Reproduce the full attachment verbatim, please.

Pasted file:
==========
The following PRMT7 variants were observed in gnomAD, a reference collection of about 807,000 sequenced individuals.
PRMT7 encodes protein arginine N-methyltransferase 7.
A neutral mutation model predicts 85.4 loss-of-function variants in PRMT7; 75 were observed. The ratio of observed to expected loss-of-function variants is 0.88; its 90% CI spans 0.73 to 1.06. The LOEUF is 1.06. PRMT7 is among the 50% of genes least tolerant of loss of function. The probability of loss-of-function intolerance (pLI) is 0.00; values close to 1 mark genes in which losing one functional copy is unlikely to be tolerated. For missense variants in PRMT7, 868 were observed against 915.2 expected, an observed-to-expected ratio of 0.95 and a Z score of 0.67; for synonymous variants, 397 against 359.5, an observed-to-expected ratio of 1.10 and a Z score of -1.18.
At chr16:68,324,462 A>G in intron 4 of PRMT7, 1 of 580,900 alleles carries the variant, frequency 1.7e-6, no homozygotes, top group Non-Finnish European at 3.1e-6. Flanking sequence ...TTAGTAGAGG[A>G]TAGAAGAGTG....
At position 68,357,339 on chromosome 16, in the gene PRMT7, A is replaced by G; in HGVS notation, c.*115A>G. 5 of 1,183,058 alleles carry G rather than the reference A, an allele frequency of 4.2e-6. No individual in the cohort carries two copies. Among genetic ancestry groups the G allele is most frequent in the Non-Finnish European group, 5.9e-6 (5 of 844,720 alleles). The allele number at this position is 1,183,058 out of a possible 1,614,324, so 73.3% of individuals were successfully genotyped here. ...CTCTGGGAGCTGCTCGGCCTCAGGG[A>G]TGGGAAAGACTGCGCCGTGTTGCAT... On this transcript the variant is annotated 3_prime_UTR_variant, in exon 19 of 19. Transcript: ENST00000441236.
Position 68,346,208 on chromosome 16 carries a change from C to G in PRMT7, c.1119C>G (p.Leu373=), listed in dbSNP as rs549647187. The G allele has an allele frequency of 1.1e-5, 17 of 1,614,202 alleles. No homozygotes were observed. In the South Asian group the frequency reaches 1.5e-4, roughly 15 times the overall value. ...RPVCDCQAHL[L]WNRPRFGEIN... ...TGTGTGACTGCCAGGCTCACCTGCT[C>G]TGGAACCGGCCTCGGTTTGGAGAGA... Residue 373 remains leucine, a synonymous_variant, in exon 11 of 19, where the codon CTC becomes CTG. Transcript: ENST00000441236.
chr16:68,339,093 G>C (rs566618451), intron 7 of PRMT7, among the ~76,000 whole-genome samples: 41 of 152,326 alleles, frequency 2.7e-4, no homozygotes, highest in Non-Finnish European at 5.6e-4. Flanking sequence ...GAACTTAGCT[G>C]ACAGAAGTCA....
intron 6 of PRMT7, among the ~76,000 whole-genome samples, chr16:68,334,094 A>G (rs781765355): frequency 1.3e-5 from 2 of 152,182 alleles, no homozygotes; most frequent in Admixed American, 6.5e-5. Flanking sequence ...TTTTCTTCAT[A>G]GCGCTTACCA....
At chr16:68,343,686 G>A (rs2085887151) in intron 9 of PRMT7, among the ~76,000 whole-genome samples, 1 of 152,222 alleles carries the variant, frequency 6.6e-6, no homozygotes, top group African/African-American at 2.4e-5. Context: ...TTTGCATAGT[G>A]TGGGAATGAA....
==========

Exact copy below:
The following PRMT7 variants were observed in gnomAD, a reference collection of about 807,000 sequenced individuals.
PRMT7 encodes protein arginine N-methyltransferase 7.
A neutral mutation model predicts 85.4 loss-of-function variants in PRMT7; 75 were observed. The ratio of observed to expected loss-of-function variants is 0.88; its 90% CI spans 0.73 to 1.06. The LOEUF is 1.06. PRMT7 is among the 50% of genes least tolerant of loss of function. The probability of loss-of-function intolerance (pLI) is 0.00; values close to 1 mark genes in which losing one functional copy is unlikely to be tolerated. For missense variants in PRMT7, 868 were observed against 915.2 expected, an observed-to-expected ratio of 0.95 and a Z score of 0.67; for synonymous variants, 397 against 359.5, an observed-to-expected ratio of 1.10 and a Z score of -1.18.
At chr16:68,324,462 A>G in intron 4 of PRMT7, 1 of 580,900 alleles carries the variant, frequency 1.7e-6, no homozygotes, top group Non-Finnish European at 3.1e-6. Flanking sequence ...TTAGTAGAGG[A>G]TAGAAGAGTG....
At position 68,357,339 on chromosome 16, in the gene PRMT7, A is replaced by G; in HGVS notation, c.*115A>G. 5 of 1,183,058 alleles carry G rather than the reference A, an allele frequency of 4.2e-6. No individual in the cohort carries two copies. Among genetic ancestry groups the G allele is most frequent in the Non-Finnish European group, 5.9e-6 (5 of 844,720 alleles). The allele number at this position is 1,183,058 out of a possible 1,614,324, so 73.3% of individuals were successfully genotyped here. ...CTCTGGGAGCTGCTCGGCCTCAGGG[A>G]TGGGAAAGACTGCGCCGTGTTGCAT... On this transcript the variant is annotated 3_prime_UTR_variant, in exon 19 of 19. Transcript: ENST00000441236.
Position 68,346,208 on chromosome 16 carries a change from C to G in PRMT7, c.1119C>G (p.Leu373=), listed in dbSNP as rs549647187. The G allele has an allele frequency of 1.1e-5, 17 of 1,614,202 alleles. No homozygotes were observed. In the South Asian group the frequency reaches 1.5e-4, roughly 15 times the overall value. ...RPVCDCQAHL[L]WNRPRFGEIN... ...TGTGTGACTGCCAGGCTCACCTGCT[C>G]TGGAACCGGCCTCGGTTTGGAGAGA... Residue 373 remains leucine, a synonymous_variant, in exon 11 of 19, where the codon CTC becomes CTG. Transcript: ENST00000441236.
chr16:68,339,093 G>C (rs566618451), intron 7 of PRMT7, among the ~76,000 whole-genome samples: 41 of 152,326 alleles, frequency 2.7e-4, no homozygotes, highest in Non-Finnish European at 5.6e-4. Flanking sequence ...GAACTTAGCT[G>C]ACAGAAGTCA....
intron 6 of PRMT7, among the ~76,000 whole-genome samples, chr16:68,334,094 A>G (rs781765355): frequency 1.3e-5 from 2 of 152,182 alleles, no homozygotes; most frequent in Admixed American, 6.5e-5. Flanking sequence ...TTTTCTTCAT[A>G]GCGCTTACCA....
At chr16:68,343,686 G>A (rs2085887151) in intron 9 of PRMT7, among the ~76,000 whole-genome samples, 1 of 152,222 alleles carries the variant, frequency 6.6e-6, no homozygotes, top group African/African-American at 2.4e-5. Context: ...TTTGCATAGT[G>A]TGGGAATGAA....